Just over a decade ago amid increasing threats from terrorism and organised crime, the UK’s interception of communications regime was updated to include the lawful interception of email, the Internet and other online technologies.
Unauthorised interception of electronic communications was banned outright. Yet organisations would still need to have control over their own business systems for lawful business practices. These include monitoring for training, quality control and security purposes.
E RADAR sets out what organisations can and cannot do when it comes to staff monitoring. This includes surveillance of the email and Internet browsing activities of individual members of staff.
Lawful Business Practice Regulations
The ‘Lawful Business Practice’ Regulations give organisations the right to control their own systems and networks in order to ensure that their business runs smoothly. Inevitably, this usually leads to organisations also monitoring the activities of workers, for example, by:
- recording on CCTV cameras;
- opening mail or e-mail;
- use of automated software to check e-mail;
- checking phone logs or recording of phone calls;
- checking logs of websites visited;
- making video outside the workplace;
- getting information from credit reference agencies;
- collecting information through 'point of sale' terminals, such as at a supermarket check-out, to check the performance of individual operators.
However, people also have the right to privacy whilst at work. Whilst the UK Data Protection Act does not prevent monitoring, it does set down rules about the circumstances and the way in which monitoring should be carried out.
Monitoring electronic communications at work
You can legally monitor worker use of the phone, Internet, e-mail or facsimile in the workplace if:
- the monitoring relates to the business;
- the equipment being monitored is provided partly or wholly for work;
- you have made all reasonable efforts to inform workers that their communications will be monitored;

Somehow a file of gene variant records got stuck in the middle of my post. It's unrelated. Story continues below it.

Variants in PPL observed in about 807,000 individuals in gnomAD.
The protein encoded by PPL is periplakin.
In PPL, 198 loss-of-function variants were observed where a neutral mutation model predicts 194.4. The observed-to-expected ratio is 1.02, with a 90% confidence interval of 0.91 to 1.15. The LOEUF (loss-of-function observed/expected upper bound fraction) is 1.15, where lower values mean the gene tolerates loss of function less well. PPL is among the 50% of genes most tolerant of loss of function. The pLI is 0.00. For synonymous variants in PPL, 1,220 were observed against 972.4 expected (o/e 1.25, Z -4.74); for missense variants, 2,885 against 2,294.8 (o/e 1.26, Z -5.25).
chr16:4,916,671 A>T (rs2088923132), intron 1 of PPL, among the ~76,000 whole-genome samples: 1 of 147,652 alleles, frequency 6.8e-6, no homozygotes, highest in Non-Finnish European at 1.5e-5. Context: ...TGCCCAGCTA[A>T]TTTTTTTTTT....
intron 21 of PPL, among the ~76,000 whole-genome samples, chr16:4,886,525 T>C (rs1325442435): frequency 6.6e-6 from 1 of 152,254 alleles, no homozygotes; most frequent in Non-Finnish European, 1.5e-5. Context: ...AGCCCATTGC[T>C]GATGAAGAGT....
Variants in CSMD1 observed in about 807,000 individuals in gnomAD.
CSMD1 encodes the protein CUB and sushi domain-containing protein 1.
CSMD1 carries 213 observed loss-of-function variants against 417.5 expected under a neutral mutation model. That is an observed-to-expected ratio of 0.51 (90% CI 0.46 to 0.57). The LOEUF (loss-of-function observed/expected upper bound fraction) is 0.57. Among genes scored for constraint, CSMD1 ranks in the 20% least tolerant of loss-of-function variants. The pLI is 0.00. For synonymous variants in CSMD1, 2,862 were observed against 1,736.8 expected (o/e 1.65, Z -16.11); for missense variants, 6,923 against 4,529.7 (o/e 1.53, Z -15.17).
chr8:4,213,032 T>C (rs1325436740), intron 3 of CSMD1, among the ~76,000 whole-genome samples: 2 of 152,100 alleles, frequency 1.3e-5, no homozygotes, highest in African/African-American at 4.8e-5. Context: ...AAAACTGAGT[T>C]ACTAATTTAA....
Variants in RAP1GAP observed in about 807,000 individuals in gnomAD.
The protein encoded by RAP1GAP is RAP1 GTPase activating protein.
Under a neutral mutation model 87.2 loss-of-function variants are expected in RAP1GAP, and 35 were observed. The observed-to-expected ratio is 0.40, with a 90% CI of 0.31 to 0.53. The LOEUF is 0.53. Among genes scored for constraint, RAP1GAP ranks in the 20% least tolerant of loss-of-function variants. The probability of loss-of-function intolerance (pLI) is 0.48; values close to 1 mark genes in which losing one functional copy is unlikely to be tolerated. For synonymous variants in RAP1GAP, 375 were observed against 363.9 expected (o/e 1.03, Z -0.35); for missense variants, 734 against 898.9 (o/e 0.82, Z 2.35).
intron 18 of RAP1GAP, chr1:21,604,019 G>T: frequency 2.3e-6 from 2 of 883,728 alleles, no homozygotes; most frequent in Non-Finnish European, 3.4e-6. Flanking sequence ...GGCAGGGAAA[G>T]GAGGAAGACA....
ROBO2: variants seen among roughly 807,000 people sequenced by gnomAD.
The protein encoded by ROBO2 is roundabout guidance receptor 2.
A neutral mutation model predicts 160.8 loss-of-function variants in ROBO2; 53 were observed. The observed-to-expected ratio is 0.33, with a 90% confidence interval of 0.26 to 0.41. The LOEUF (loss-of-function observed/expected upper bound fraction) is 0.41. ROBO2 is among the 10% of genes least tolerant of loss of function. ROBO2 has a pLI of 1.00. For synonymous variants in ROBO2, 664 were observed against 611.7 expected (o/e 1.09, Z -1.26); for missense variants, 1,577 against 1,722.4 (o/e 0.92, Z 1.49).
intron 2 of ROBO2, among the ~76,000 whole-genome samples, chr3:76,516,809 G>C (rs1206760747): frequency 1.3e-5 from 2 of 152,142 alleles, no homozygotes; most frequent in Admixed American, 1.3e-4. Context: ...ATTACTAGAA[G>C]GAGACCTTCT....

Bear in mind that these circumstances cover almost every situation where you might want to monitor worker electronic communications (except, of course, where monitoring is done for purely private or spiteful reasons). As long as you stick to these rules, you don’t need to get worker consent before monitoring them, but only if it is for one of the following reasons:
- to establish facts which are relevant to the business, to check that procedures are being followed, or to check standards, for example, listening in to phone-calls to assess the quality of a person’s work;
- to prevent or detect crime;
- to check for unauthorised use of telecommunications systems, such as whether a worker is using the Internet or email for personal use;
- to make sure electronic systems are operating effectively, for example, to prevent computer viruses entering the system;
- to check whether a communication a worker has received, such as an email or phone-call is relevant to the business. In this case, you can open up their emails or listen to voice-mails but are not allowed to record their calls;
- to check calls to confidential help lines. In this case, you can listen in, but are not allowed to record these calls;
- in the interests of national security.
To monitor or not to monitor?
- Be clear about the reasons for monitoring staff and the benefits that this will bring;
- Identify any negative effects the monitoring may have on staff by completing an impact assessment;
- Consider whether there are any, less intrusive, alternatives to monitoring;
- Is monitoring justified, taking into account all of the above?
Except in extremely limited circumstances, employers must take reasonable steps to let staff know that monitoring is happening, what is being monitored and why it is necessary. Employers who can justify monitoring once they have carried out a proper impact assessment will usually not need to get worker consent.
Some employers monitor their workers without informing them that this is happening, for example, by use of hidden cameras or audio devices. This is rarely legal. Guidance under data protection law says that secret monitoring should not be allowed in private areas at work, such as staff toilets, unless there is serious crime involved, such as drug dealing.
Employer’s policy on monitoring
Ideally, you should have a code of conduct or policy that covers workplace monitoring. If a code or policy has been agreed, it will usually form part of a worker’s individual contract of employment and should be subject to disciplinary procedures.
The Information Commissioner supervises and enforces the law on data protection, and can advise both workers and employers on their rights and duties under the Data Protection Act. If the Commissioner decides that you are not following the law, recommendations can given or an enforcement notice issued. The Information Commissioner cannot award workers compensation.
Employment Practice Codes
You might also want to refer to the Commissioner’s Employment Codes of Practice which gives you some good advice on how to monitor at work and stay within the law
Data Protection | Employment Practices Code (quick guide) | ICO
Data Protection | Employment Practices Code (detailed guide) | ICO
Data Protection | Employment Practices Code (supplementary guidance) | ICO